As far as Whiz Kid McNamara, he totally screwed up, and admits it. He crunched some numbers early on that said there would be a point at which the North Vietnamese forces would begin shrinking, but then found out he was wrong and changed his mind. The CIA also had these numbers and honestly reported them in their reports. Johnson had access to these reports. He just chose to ignore them, and ordered the Pentagon to misrepresent the numbers in their reports. This was at the heart of the lawsuit brought against CBS by William Westmoreland. Both sides were right: CBS was right in that Westmoreland's figures grossly exaggerated enemies killed and enemy strength; Westmoreland was right in that he wasn't deceivng LBJ. In McNamara's In Retrospect, a remarkable book and the basis of The Fog of War, he admits that LBJ knew Westmoreland's numbers were cooked because LBJ himself had ordered them to be cooked in order to deceive congress. (At least that's how I remember it.) In any regard, he claims that LBJ was not deceived. Westoreland, by the way, never could accept that the North Vietnamese forces were growing in direct proportion to his own and like a good hawk insisted we were just around the corner from total victory. He'd insisted the same thing when there were 100,000 men, 200,000 men etc... all the way up to the half a mil it eventually became. His refusal to accept the failure of his command and his continued insistence that we were only 200,000 soldiers away etc. is part of the reason we're having this conversation now. He came home a total failure and insisted it was the fault of dem bureaucrats in Washington who tied his hands, etc. This myth has gained popularity over the years with those who have a hard time believing the great U.S. could ever make a mistake. Guess what? We did. And McNamara's book is the proof.

And your bit about Nixon and the bombing is largely untrue. It was Nixon who drove the North Vietnamese away from the tables in 68 when he got word to Thieu through Madame Chennault to cut off negotiations with the North. The North was ALWAYS willing to talk, just not to budge on their conditions. Nixon and Henry the K just felt THEY could get a better deal by putting added pressure on the North Vietnamese. They used what they called a "madman strategy," as I remember. This strategy entailed the targeting of civilians in order to force the North Vietnamese to capitulate out of fear. In some circles, this is called terrorsim and murder; we in the United States justify it all the time however, because we used this tactic to end WW2.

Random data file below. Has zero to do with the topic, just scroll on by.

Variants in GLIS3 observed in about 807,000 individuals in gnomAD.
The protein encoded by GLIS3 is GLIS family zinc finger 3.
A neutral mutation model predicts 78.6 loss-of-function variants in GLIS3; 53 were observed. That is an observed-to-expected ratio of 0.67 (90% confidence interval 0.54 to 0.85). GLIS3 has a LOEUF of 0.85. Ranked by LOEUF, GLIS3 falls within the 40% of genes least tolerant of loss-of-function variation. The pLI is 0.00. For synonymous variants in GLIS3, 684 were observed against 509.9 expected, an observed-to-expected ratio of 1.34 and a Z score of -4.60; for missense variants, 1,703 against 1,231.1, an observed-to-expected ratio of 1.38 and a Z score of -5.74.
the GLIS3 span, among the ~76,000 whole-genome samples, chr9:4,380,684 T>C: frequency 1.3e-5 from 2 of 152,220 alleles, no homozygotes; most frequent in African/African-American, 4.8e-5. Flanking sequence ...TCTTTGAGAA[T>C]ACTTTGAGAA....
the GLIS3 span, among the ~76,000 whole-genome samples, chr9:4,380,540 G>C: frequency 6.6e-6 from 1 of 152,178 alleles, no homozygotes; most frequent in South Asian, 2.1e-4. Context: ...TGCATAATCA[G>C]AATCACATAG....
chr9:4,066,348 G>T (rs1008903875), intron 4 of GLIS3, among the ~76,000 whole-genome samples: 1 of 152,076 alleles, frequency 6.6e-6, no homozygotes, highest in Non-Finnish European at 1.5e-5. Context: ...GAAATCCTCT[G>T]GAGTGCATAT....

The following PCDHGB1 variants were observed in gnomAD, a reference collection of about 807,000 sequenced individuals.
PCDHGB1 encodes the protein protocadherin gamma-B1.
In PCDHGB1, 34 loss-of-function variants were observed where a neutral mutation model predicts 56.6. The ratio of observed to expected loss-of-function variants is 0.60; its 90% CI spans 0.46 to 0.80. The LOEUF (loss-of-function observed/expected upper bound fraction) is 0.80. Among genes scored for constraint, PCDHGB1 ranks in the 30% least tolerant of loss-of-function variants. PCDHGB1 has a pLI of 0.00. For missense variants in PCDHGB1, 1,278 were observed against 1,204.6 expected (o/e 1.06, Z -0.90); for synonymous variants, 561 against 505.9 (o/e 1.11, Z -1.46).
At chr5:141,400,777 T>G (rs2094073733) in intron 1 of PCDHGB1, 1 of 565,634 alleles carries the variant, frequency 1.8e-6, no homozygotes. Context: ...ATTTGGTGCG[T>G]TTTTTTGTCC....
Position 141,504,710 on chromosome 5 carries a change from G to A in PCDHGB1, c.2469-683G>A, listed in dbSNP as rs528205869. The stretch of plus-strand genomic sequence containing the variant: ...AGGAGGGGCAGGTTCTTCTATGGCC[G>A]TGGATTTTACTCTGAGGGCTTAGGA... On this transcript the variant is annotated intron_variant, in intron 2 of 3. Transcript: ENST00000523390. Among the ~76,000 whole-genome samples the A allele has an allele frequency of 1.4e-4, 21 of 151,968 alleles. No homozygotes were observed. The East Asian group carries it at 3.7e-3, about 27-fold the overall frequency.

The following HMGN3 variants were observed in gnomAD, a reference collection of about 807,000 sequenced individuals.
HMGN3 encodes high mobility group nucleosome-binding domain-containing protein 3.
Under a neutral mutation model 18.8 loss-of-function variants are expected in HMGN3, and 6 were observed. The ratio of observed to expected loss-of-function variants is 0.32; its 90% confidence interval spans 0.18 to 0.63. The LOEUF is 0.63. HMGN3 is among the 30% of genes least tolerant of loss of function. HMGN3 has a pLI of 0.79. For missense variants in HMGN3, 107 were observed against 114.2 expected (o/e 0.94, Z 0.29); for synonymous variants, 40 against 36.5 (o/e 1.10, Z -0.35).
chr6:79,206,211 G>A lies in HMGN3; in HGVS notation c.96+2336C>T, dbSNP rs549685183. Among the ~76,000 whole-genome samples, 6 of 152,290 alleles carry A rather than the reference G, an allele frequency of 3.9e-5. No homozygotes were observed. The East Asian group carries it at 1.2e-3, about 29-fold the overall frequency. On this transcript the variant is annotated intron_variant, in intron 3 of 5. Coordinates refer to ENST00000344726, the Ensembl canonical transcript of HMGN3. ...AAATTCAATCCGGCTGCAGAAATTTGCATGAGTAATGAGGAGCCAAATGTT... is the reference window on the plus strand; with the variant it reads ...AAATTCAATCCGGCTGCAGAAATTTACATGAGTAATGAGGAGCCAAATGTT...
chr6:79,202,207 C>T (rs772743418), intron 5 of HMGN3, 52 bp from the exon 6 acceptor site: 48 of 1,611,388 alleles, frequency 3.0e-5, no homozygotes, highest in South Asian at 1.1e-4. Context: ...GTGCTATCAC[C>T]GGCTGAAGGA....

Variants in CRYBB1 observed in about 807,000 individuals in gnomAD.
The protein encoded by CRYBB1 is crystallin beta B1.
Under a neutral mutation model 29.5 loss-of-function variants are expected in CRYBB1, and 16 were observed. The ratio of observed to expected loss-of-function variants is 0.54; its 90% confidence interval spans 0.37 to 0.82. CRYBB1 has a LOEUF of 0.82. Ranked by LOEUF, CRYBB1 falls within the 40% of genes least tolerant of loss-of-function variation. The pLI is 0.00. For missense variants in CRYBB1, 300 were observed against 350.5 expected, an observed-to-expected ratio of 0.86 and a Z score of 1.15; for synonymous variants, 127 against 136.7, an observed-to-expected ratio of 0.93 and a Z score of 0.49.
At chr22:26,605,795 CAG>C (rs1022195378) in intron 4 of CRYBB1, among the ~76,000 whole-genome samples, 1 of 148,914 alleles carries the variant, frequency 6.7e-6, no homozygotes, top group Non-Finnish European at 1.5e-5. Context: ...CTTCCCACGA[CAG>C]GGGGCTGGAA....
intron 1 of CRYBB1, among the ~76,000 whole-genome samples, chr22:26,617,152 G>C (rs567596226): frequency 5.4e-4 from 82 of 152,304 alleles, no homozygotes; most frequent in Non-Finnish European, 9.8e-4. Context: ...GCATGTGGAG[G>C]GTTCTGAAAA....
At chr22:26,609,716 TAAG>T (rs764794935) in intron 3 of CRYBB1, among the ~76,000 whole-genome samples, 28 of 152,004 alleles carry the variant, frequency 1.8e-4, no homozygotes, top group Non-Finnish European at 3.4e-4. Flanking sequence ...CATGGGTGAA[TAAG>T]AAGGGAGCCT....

You really need to take a gander at the Palace File, written by a former official in the South Vietnamese government. It may open your eyes and give you yet another thing to be disturbed about. As stated several times previously, the treaty signed in 73 was almost identical to the one on the table in 68. So what were the last five years about? Richard Nixon getting elected. Twice.

Pat:

When looking at the extension of the Vietnam War, we also have to look at the profits in

dollars the war machine in the U.S. was realizing. Brown and Root, a coporation that had ties

to Lyndon Johnson, made huge profits by being awarded dredging contracts along the coast.

By the way, Brown and Root is now a subsidary of Halliburton. The connections to then

and now are quite interesting.

Bill C

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Pat:

When looking at the extension of the Vietnam War, we also have to look at the profits in

dollars the war machine in the U.S. was realizing. Brown and Root, a coporation that had ties

to Lyndon Johnson, made huge profits by being awarded dredging contracts along the coast.

By the way, Brown and Root is now a subsidary of Halliburton. The connections to then

and now are quite interesting.

Bill C